Power to the Pedals
After decades of trial and error, the ingredients for robust urban cycling cultures are becoming clear.
Early this decade, Parisian city planners grappling with traffic congestion, air pollution, and other challenges ventured outside the box. They were well aware that traditional transportation remedies such as widened roads and expanded parking typically relieve congestion in the short term but seed even greater longterm crowding while worsening pollution and carbon emissions. So they decided to use bicycles—some 20,000 of them, scattered across the city at metro stops and other convenient locations—to extend the reach of the Paris public transport system and to provide inexpensive, healthy transportation for short trips. Not your father’s transit plan, to be sure, but Paris’s public bike initiative symbolizes the new respect bicycles are getting in a growing number of municipal governments worldwide.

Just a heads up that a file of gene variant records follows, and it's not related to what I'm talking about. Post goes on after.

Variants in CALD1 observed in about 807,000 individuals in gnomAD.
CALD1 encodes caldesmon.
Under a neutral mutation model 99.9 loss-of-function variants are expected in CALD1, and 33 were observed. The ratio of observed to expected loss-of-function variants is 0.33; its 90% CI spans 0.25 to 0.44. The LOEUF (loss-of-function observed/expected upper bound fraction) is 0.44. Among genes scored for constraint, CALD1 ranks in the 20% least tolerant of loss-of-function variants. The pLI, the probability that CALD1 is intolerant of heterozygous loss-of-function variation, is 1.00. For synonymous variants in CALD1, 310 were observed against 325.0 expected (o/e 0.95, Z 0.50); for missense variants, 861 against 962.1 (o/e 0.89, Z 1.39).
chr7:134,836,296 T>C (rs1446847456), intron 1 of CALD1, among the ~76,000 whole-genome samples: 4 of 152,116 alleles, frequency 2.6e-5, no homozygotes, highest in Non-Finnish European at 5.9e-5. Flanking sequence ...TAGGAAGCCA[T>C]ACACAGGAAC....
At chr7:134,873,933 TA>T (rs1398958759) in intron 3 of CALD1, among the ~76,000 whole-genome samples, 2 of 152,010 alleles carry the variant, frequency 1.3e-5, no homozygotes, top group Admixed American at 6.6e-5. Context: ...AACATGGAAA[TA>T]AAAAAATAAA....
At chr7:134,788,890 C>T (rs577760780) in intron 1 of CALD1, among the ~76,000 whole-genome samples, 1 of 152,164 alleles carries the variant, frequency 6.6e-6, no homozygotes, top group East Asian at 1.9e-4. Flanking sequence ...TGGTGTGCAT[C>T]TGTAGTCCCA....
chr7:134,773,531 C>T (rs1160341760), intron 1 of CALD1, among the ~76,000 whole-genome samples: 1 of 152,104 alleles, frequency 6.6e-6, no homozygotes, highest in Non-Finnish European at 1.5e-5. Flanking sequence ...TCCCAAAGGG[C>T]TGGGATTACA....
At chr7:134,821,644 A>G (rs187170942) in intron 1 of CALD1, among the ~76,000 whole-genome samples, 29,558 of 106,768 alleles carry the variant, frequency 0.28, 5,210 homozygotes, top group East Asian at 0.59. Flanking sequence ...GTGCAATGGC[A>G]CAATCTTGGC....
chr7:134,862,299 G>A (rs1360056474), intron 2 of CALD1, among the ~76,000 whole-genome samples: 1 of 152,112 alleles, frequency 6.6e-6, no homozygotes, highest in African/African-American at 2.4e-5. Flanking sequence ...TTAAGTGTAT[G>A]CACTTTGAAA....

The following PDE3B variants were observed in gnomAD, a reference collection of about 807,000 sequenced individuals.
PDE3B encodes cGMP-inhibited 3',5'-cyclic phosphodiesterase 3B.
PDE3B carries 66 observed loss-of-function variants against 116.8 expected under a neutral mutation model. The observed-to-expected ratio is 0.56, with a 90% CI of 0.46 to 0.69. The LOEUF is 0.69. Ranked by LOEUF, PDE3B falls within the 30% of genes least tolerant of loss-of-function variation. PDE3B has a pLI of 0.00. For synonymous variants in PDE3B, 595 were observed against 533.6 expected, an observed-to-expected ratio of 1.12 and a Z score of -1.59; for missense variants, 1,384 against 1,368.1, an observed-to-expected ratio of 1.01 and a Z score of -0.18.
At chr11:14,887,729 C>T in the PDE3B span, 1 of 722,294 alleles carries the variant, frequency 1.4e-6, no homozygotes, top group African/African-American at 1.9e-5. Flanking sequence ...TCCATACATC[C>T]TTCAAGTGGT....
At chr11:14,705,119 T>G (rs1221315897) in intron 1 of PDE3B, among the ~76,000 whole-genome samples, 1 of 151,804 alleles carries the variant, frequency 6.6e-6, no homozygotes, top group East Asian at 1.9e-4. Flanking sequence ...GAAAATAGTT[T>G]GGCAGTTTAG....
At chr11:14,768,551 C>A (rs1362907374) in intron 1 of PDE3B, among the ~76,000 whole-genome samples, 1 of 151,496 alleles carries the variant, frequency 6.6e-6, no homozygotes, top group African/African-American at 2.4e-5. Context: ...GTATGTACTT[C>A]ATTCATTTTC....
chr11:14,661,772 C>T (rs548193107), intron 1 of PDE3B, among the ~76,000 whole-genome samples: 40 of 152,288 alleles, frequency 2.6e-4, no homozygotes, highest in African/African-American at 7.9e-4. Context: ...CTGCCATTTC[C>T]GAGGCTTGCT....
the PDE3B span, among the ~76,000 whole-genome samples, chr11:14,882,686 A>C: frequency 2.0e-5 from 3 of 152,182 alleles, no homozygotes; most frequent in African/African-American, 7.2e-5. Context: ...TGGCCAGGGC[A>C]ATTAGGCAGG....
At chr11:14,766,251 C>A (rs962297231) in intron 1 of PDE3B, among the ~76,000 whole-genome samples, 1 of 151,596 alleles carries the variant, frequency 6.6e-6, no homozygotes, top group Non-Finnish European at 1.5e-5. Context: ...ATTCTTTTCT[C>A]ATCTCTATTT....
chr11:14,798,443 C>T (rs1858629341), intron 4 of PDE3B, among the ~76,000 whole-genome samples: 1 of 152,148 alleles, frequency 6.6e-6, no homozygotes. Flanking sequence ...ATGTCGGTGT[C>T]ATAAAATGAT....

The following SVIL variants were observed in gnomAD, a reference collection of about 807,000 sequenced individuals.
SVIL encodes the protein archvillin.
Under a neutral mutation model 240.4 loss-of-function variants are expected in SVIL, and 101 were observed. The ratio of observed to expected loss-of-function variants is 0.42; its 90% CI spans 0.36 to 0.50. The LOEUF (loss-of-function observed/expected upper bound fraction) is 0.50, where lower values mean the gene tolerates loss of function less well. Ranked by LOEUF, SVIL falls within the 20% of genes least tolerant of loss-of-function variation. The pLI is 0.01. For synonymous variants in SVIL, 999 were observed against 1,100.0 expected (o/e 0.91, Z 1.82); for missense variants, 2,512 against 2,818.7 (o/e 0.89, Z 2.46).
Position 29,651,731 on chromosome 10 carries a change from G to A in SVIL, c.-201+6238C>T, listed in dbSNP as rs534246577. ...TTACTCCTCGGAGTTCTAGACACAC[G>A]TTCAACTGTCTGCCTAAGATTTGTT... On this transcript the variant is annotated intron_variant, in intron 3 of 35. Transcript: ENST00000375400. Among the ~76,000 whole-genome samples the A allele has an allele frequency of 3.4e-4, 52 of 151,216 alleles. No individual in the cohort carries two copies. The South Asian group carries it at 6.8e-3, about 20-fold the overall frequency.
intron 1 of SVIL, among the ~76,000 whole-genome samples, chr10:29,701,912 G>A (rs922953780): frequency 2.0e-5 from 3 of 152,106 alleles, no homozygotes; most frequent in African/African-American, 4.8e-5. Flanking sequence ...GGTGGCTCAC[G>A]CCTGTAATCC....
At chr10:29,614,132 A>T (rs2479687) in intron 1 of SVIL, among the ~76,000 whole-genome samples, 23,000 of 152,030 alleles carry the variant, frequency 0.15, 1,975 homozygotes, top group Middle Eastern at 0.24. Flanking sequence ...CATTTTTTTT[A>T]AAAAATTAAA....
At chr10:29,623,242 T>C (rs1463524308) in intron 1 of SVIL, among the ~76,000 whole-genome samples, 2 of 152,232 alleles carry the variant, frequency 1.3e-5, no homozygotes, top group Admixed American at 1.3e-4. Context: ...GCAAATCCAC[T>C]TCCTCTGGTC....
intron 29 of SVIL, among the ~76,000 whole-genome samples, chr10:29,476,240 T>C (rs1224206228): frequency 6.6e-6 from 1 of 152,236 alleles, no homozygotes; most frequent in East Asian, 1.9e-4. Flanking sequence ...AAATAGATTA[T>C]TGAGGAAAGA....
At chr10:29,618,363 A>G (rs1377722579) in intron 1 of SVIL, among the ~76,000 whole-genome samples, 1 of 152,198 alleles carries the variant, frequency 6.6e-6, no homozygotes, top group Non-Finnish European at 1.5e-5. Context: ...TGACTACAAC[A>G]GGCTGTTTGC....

Public bike programs are just one of many bike-centered tools used by city leaders to address a wide range of urban challenges: to relieve congestion and reduce carbon emissions, of course, but also to raise the fitness level of citizens, improve the quality of neighborhood life, and relieve pressure on municipal budgets. Advances in cycling infrastructure, marketing programs, financial incentives, and zoning are being leveraged to increase cycling rates in more and more cities, most notably in Europe but also in the United States, Colombia, Australia, and China. Not since the automobile hijacked transportation planning decades ago in cities worldwide has the bicycle had so many arguments, and allies, for claiming its natural niche in urban transportation ecosystems.